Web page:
dogwood can be budded or grafted onto White Flowering dogwood rootstock and vice versa. Bradford pear can begrafted or budded onto Callery pear rootstock and vice versa. However, Pink Sachet dogwood cannot be grafted or budded onto Callery pear.Grafting and budding can be performed only at very specific times when weather conditions and the physiologicalstage of plant growth are both optimum. The timing depends on the species and the technique used. For example,conditions are usually satisfactory in June for budding peaches, but August and early September are the best monthsto bud dogwoods. Conversely, flowering pears can be
while they are dormant (in December and January) or
during July and August.
Reasons for Grafting and Budding
Budding and grafting may increase the productivity of certain horticultural crops because they make it possible to dothe following things:
Change varieties or cultivars.
An older established orchard of fruiting trees may become obsolete as newer varieties or cultivars are developed. The newer varieties may offer improved insect or disease resistance,better drought tolerance, or higher yields. As long as the scion is compatible with the rootstock, the older orchard may be top worked using the improved variety or cultivar.
Optimize cross-pollination and pollination.
Certain fruit trees are not self-pollinating; they requirepollination by a second fruit tree, usually of another variety. This process is known as cross-pollination.Portions of a tree or entire trees may be pollinated with the second variety to ensure fruit set. For example,some hollies are dioecious, meaning that a given plant has either male or female flowers but not both. Toensure good fruit set on the female (pistillate) plant, a male (staminate) plant must be growing nearby. Wherethis is not possible, the chances that cross-pollination will occur can be increased by grafting a scion from amale plant onto the female plant.
Take advantage of particular rootstocks.
Compared to the selected scion, certain rootstocks have superior growth habits, disease and insect resistance, and drought tolerance. For example, when used as rootstock for commercial apple varieties, the French crabapple
Mill.) can increase resistance to crowngall and hairy root. Malling VIII and Malling IX are used as dwarfing rootstocks for apple trees when full-sizedtrees are not desired, such as in the home garden.
Benefit from interstocks.
An interstock can be particularly valuable when the scion and rootstock areincompatible. In such cases, an interstock that is compatible with both rootstock and scion is used. Aninterstock could increase the disease resistance or cold hardiness of the scion. Plants also may be doubleworked to impart dwarfness or influence flowering and fruiting of a scion.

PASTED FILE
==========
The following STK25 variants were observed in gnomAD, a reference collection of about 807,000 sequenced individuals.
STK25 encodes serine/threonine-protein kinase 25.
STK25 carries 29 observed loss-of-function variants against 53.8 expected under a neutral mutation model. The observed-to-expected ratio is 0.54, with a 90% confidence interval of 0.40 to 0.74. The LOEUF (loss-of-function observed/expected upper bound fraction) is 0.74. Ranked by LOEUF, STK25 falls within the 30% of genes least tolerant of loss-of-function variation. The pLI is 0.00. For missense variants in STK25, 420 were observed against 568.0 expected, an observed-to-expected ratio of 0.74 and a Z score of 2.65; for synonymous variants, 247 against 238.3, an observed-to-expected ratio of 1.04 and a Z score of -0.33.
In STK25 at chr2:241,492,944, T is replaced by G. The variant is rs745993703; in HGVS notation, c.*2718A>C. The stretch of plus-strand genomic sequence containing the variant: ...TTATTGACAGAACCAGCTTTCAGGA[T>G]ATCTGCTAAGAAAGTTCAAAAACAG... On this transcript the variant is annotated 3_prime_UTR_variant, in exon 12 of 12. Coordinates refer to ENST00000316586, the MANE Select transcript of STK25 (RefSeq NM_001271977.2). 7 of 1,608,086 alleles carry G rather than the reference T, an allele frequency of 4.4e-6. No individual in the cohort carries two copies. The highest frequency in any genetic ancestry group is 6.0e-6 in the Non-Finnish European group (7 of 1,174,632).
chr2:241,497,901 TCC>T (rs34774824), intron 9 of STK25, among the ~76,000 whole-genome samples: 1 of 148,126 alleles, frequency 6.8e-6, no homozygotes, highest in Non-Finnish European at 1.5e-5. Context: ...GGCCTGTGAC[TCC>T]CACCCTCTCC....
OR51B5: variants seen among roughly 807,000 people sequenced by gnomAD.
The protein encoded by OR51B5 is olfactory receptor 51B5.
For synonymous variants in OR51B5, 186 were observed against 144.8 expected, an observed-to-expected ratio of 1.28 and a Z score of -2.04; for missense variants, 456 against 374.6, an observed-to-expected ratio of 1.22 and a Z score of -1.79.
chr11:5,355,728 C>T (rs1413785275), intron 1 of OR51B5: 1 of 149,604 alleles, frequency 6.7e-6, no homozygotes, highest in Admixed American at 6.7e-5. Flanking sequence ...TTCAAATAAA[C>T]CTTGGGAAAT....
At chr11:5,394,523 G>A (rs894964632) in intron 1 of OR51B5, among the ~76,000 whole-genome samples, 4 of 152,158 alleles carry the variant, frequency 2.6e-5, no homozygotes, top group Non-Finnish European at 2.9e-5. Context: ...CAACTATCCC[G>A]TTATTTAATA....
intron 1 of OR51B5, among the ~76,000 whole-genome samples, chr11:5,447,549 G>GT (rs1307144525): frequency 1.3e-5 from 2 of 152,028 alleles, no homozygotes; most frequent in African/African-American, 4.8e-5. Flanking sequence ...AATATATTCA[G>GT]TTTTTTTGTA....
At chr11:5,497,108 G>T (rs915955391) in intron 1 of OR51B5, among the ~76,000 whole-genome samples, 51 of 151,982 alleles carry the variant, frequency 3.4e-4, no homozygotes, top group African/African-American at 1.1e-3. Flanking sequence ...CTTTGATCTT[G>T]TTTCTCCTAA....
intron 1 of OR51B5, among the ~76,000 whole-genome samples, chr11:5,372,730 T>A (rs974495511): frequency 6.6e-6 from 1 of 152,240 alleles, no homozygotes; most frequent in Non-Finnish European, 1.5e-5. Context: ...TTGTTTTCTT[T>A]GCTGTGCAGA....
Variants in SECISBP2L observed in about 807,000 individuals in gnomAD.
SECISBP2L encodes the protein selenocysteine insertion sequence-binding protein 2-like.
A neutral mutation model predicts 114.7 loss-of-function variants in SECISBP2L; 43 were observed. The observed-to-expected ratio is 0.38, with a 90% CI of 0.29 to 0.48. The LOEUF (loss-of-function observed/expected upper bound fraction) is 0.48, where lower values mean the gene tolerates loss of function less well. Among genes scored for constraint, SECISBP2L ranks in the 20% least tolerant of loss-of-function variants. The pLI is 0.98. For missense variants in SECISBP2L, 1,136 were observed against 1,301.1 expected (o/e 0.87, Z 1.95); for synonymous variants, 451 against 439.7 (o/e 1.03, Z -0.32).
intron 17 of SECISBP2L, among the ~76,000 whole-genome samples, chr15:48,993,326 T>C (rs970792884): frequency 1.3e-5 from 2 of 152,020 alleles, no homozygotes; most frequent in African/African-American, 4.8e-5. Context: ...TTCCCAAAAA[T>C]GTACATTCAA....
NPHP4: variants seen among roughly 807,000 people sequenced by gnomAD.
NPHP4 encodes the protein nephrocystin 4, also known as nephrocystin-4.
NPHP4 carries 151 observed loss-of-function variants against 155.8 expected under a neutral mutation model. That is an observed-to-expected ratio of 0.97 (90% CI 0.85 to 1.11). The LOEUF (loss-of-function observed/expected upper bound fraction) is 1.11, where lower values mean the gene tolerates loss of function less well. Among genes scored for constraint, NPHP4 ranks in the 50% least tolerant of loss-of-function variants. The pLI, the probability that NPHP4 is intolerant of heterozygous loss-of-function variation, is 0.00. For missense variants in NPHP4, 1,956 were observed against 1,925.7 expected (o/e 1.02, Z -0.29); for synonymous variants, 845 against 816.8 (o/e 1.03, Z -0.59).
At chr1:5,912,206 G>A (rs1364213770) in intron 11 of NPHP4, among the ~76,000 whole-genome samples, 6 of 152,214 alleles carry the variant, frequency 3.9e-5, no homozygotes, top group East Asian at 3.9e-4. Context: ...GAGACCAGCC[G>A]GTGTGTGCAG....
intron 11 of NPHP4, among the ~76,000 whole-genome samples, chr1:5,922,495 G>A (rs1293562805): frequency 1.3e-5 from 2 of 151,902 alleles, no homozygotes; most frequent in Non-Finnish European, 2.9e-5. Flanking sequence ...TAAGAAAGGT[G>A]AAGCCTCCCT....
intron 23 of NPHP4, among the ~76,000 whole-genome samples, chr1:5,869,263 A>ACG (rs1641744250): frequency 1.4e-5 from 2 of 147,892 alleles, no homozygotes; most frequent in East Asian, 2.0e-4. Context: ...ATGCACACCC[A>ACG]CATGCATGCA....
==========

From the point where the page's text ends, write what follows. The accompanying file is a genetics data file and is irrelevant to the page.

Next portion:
Clones of numerous species of conifers cannot be economically reproduced fromvegetative cuttings because the percentage of cuttings that root successfully is low. Many can be grafted,however, onto seedling rootstocks. Colorado blue spruce
Engelm), Koster blue spruce
(Picea pungens var. Kosteriana,
Henry), and Moerheim spruce
(Picea pungens var. Moerheimii,
Rujis) are commonlygrafted onto Norway spruce
Karst.) or Sitka spruce
(Picea sitchensis, Carr.)
rootstock toperpetuate desirable clones. Numerous clones of Japanese maple
, Thunb.) that either rootpoorly or lack an extensive root system are grafted onto seedling
Produce certain plant forms.
Numerous horticultural plants owe their beauty to the fact that they are graftedor budded onto a standard, especially those that have a weeping or cascading form. Examples includeweeping hemlock
Beissn.), which is grafted onto seedling hemlockrootstock
Carr.); weeping flowering cherry
(Prunus subhietella var. pendula,
Tanaka),which is grafted onto Mazzard cherry rootstock (Prunus avium, L.); and weeping dogwood
(Cornus florida, L.var. pendula,
Dipp.), which is grafted onto flowering dogwood rootstock (Cor
L.). In most cases,multiple scions are grafted or budded 3 feet or higher on the main stem of the rootstock. When used this way,the rootstock is referred to as a standard. It may require staking for several years until the standard is largeenough to support the cascading or weeping top.
Repair damaged plants.
Large trees or specimen plants can be damaged easily at or slightly above the soilline. The damage may be caused by maintenance equipment (such as lawn mowers, trenchers, or construction equipment), or by disease, rodents, or winter storms. The damage can often be repaired byplanting several seedlings of the same species around the injured tree and grafting them above the injury.This procedure is referred to as inarching, approach grafting, or bridge grafting.
Increase the growth rate of seedlings.
The seedling progeny of many fruit and nut breeding programs, if leftto develop naturally, may require 8 to 12 years to become fruitful. However, if these progeny are grafted ontoestablished plants, the time required for them to flower and fruit is reduced dramatically. Another way toincrease the growth rate of seedlings is to graft more than one seedling onto a mature plant. Using this